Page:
The Nam Family, by A. Estabrook and C. Davenport, pedigree of V106-V109 (p. 26) and corresponding field portraits from back of Estabrook's copy
Pages: (1|2|3|4|5|6|7|8|9|10)
University of Albany, SUNY, Estabrook, SPE,XMS 80.9 Bx 2
View this image in our new website.
The Nam Family, by A. Estabrook and C. Davenport, pedigree of V106-V109 (p. 26) and corresponding field portraits from back of Estabrook's copy

[shadowed]children were destroyed at birth.[end shadow] V 106, born at N.H. in 1839, is an unambitious, placid, listless, submissive, unreasonable, illiterate, licentious alcoholic. He is a veteran of the Civil War and receives a pension of thirty dollars monthly, besides town aid. He lived in a hovel, and married a degenerate, V 107, whose one illegitimate and three illegitimate children all, fortunately, died young. V 108 is industrious but alcoholic, wholly illiterate, and licentious. By his brother's wife, V 107, he had a daughter, VI 173, born in 1883, who is active, forward, talkative, but poor in school work, and has left two husbands in six months. V 109 is a "typical Nam," alcoholic, licentious, and a recipient of town aid. He gets a pension of twelve dollars per month and was in the County House in 1897 for three weeks because of illness and destitution. He married IV 158, an indolent harlot, who later left her husband and went to live with the Indians near L. She was derived from I 3 and I 4, and belongs to a feeble-minded cousinhood and has a licentious parentage. Of their three children one has gone West and two indolent boys remain, one licentious, and the other alcoholic. The latter has cohabitated with an illiterate girl, V 308, who, first becoming a mother at 14, has had a complex history. He had by her a child which died. V 110, born at N.H. in 1845, is without reasoning power, physically slow, occasionally industrious, and steadily alcoholic. He now lives alone in a dugout. By V 111, an ignorant harlot with only one arm, who died in 1898 of cancer, he had two children. The younger daughter is indolent, irascible, and prefers begging to work. She married, first, VI 179, by whom she had three children. These were abandoned by the roadside one day in the winter of 1901, the youngest, a boy, VII 58, born 1897, being frozen to death. The older one, a girl born in 1895, was placed in an orphan asylum [end]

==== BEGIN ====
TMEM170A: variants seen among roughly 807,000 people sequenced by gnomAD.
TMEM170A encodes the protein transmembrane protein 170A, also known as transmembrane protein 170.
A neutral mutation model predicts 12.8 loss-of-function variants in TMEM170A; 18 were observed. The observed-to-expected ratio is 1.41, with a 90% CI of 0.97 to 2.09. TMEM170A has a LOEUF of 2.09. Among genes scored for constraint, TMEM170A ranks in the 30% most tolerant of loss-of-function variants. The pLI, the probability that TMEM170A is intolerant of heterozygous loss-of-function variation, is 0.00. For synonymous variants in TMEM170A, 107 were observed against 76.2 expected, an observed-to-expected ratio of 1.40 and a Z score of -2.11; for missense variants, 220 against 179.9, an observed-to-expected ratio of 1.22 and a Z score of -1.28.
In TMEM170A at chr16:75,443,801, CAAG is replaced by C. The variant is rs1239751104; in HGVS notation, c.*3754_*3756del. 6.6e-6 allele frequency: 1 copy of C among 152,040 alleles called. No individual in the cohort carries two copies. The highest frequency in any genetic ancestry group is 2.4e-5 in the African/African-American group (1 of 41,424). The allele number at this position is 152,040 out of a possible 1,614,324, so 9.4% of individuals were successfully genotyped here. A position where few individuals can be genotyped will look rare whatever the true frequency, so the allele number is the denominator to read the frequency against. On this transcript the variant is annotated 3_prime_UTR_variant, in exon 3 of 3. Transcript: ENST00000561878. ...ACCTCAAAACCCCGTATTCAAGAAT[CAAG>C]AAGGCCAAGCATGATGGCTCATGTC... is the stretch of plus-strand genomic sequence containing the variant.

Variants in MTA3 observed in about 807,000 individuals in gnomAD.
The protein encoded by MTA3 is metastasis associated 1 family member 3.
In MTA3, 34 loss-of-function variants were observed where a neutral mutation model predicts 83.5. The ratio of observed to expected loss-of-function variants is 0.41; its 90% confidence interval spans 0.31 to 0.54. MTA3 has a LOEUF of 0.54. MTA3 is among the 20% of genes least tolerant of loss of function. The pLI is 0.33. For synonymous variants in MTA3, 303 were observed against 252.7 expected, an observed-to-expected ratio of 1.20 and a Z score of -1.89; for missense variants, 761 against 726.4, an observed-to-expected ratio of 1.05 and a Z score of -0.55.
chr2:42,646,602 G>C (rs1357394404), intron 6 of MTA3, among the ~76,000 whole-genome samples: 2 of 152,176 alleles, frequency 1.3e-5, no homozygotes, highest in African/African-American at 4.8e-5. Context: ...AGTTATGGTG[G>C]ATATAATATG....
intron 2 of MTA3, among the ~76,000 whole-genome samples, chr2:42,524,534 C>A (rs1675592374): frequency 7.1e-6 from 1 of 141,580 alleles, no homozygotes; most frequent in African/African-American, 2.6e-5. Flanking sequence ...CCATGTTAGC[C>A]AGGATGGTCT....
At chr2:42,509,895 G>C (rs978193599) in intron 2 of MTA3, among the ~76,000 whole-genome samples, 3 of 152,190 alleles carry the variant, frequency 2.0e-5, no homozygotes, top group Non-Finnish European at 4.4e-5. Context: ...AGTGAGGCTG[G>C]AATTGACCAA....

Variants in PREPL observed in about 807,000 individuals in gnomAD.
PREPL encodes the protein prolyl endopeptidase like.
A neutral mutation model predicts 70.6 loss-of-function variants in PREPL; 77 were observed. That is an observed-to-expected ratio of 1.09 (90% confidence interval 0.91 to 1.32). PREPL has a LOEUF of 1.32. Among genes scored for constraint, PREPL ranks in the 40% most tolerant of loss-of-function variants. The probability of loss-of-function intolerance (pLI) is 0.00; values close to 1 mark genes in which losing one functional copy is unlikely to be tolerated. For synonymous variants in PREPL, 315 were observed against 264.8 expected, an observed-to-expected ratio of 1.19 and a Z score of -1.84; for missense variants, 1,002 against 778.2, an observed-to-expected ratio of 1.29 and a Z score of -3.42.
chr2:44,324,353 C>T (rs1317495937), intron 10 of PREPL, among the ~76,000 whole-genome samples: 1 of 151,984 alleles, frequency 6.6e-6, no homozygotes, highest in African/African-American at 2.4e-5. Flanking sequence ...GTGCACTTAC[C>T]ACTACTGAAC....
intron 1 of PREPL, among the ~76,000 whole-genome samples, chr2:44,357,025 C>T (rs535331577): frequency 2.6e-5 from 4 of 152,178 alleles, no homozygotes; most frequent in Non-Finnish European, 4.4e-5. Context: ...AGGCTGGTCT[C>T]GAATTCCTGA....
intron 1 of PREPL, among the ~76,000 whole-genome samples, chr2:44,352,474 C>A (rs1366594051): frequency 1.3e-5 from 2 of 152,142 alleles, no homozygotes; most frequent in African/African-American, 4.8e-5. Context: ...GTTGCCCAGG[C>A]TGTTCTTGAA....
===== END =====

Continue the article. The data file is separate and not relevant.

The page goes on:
Copyright 1999-2004: Cold Spring Harbor Laboratory; American Philosophical Society; Truman State University; Rockefeller Archive Center/Rockefeller University; University of Albany, State University of New York; National Park Service, Statue of Liberty National Monument; University College, London; International Center of Photography; Archiv zur Geschichte der Max-Planck-Gesellschaft, Berlin-Dahlem; and Special Collections, University of Tennessee, Knoxville.
The images and text in this Archive are solely for educational and scholarly uses. The materials may be used in digital or print form in reports, research, and other projects that are not offered for sale. Materials in this archive may not be used in digital or print form by organizations or commercial concerns, except with express permission.